Youth will be encouraged to take leadership roles and Initiate actions to solve community problems. Youth-driven efforts to increase representation and influence in decision-making bodies will be supported. Youth will be encouraged to develop a lifelong commitment toward volunteer work as well as the ongoing need to support nonprofit and charitable organizations.
3) Public/Society Benefit:
Citizens will be actively engaged in the development of their neighborhoods, communities, and schools. Community initiatives will focus on collective problem solving, especially by building meaningful cross-cultural and cross generational alliances. Initiatives will focus on activities to improve the quality of life for ail generations, to retain existing population and assist in job creation activities, and to help communities attract to new residents and businesses.
Natural resources will be preserved and restored. Citizens will be involved in the stewardship of natural resources. Rivers will be cleared for fishing and canoeing. Trails will be extended for hiking and biking. Parks will be expanded and improved. Trees and bushes will be planted. Clean water and clean air will be promoted.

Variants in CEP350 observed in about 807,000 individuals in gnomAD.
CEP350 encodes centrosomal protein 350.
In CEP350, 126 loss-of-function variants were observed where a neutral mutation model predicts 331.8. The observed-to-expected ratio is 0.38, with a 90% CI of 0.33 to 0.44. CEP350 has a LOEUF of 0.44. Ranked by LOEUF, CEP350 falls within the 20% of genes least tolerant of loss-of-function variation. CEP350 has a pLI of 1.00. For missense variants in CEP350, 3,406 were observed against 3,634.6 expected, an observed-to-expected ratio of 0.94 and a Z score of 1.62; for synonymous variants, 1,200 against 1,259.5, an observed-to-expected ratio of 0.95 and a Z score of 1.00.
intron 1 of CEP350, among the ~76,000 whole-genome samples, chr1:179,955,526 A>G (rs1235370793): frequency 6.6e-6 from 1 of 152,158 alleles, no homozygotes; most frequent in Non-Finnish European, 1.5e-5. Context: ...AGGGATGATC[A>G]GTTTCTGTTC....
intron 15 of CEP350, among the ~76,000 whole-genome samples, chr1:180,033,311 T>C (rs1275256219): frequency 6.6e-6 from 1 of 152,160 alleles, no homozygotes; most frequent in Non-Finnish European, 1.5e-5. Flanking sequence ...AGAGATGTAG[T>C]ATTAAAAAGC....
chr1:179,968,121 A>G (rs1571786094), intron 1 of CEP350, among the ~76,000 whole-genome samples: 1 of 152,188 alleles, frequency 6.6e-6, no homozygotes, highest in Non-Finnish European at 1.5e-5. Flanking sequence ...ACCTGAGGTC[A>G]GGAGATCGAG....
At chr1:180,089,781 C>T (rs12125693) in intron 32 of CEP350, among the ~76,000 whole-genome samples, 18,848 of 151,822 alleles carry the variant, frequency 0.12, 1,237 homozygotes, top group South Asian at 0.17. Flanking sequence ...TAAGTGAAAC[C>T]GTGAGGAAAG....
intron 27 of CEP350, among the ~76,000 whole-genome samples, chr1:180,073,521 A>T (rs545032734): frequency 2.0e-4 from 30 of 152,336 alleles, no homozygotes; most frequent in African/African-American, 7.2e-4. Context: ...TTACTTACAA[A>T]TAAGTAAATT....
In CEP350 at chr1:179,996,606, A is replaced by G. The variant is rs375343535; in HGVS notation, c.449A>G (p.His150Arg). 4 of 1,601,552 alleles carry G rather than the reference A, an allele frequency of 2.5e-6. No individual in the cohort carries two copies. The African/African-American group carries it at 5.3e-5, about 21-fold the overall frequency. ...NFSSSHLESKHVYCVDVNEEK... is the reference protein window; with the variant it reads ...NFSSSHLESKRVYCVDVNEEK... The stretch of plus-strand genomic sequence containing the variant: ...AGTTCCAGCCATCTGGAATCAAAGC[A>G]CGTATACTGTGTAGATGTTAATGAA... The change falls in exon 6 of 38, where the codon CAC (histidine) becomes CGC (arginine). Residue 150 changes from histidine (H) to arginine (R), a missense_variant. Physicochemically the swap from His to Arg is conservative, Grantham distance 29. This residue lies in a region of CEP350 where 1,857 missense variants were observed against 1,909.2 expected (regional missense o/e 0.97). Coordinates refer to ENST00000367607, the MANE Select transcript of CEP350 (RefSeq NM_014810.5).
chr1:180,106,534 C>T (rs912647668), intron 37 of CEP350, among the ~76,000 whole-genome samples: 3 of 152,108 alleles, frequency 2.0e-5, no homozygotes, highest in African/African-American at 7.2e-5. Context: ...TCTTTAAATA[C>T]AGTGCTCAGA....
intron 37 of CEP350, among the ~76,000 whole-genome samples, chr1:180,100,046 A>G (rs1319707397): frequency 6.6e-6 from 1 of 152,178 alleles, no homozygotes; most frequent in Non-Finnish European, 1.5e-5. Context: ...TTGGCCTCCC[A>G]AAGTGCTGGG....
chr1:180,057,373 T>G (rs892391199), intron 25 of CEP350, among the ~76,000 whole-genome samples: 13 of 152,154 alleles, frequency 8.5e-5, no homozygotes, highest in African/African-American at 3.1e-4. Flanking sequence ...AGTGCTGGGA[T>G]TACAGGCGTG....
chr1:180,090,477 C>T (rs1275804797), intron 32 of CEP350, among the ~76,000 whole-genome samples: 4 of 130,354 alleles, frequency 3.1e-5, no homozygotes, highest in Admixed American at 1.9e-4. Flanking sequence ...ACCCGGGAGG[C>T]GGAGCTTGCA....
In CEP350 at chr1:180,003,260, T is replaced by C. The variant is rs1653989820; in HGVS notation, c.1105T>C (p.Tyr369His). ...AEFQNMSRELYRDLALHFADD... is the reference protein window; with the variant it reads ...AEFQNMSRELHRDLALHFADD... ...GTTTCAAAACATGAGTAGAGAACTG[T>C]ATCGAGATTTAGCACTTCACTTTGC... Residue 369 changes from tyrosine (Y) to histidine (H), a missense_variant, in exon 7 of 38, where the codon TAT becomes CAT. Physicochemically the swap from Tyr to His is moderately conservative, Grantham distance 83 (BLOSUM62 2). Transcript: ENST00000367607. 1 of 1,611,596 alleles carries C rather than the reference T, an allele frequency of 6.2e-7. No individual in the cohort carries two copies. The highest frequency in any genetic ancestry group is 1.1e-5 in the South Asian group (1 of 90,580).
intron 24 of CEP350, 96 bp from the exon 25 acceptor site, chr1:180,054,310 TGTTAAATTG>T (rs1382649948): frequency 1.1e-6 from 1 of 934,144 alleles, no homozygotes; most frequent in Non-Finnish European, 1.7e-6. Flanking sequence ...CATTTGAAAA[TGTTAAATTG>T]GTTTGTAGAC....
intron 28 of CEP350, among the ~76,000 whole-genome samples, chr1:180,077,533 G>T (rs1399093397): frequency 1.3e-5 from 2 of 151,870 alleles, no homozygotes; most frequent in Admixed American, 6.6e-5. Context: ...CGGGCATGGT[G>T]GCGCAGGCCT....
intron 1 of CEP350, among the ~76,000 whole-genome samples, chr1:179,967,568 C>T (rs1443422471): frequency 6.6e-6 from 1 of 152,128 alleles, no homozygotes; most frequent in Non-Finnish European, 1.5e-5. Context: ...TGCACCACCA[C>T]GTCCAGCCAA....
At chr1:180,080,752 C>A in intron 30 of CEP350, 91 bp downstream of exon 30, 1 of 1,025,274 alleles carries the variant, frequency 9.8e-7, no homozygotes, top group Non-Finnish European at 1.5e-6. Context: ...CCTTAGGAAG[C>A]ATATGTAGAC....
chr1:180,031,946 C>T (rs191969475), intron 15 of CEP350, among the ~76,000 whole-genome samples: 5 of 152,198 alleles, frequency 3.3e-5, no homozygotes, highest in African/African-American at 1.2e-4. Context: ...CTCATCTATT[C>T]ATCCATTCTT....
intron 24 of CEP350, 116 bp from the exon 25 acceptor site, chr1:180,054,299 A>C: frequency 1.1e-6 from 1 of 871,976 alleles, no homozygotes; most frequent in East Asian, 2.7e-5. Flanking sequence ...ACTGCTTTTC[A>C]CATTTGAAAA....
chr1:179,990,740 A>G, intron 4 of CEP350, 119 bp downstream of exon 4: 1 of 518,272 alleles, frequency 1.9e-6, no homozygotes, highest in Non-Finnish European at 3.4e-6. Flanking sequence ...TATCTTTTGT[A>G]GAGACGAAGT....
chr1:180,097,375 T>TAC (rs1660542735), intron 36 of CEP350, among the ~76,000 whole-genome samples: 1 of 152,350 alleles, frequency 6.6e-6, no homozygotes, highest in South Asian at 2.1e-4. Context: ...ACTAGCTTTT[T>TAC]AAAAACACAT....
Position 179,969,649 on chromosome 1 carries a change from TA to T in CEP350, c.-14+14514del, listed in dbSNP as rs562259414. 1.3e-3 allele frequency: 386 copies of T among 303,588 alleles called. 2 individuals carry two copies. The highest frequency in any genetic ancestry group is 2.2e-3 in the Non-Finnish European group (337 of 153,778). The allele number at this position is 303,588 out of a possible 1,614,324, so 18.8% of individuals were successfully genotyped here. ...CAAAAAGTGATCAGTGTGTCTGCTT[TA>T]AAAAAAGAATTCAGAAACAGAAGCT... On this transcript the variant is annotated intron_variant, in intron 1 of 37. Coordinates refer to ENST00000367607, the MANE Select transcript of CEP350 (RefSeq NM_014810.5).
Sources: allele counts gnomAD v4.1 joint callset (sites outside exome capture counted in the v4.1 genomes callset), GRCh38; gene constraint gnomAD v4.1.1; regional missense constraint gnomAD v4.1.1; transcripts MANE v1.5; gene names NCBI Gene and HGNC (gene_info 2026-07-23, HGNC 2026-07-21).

The math, science, and reading skills of youth will be at grade level. Community based facilities including libraries, community centers, and independent and assisted living facilities, will be gathering places for lifelong learning among all generations. Residents will be knowledgeable stewards of their health and well-being.
6) Elderly and Senior Citizens:
Older adults will have services that allow them to be as independent and mobile as possible and that allow them to participate in all activities of the community. Older adults will participate in life-enhancing activities and recreation as well as lifelong learning. Seniors will be encouraged to become more active as advisors, mentors, and role models for younger generations.
Additional Guidelines Guidelines:
Grantmaking should address County-wide needs; have a long-term impact and benefit to as many residents as possible; enhance the future viability of the County; and have meaningful, identifiable and measurable outcomes.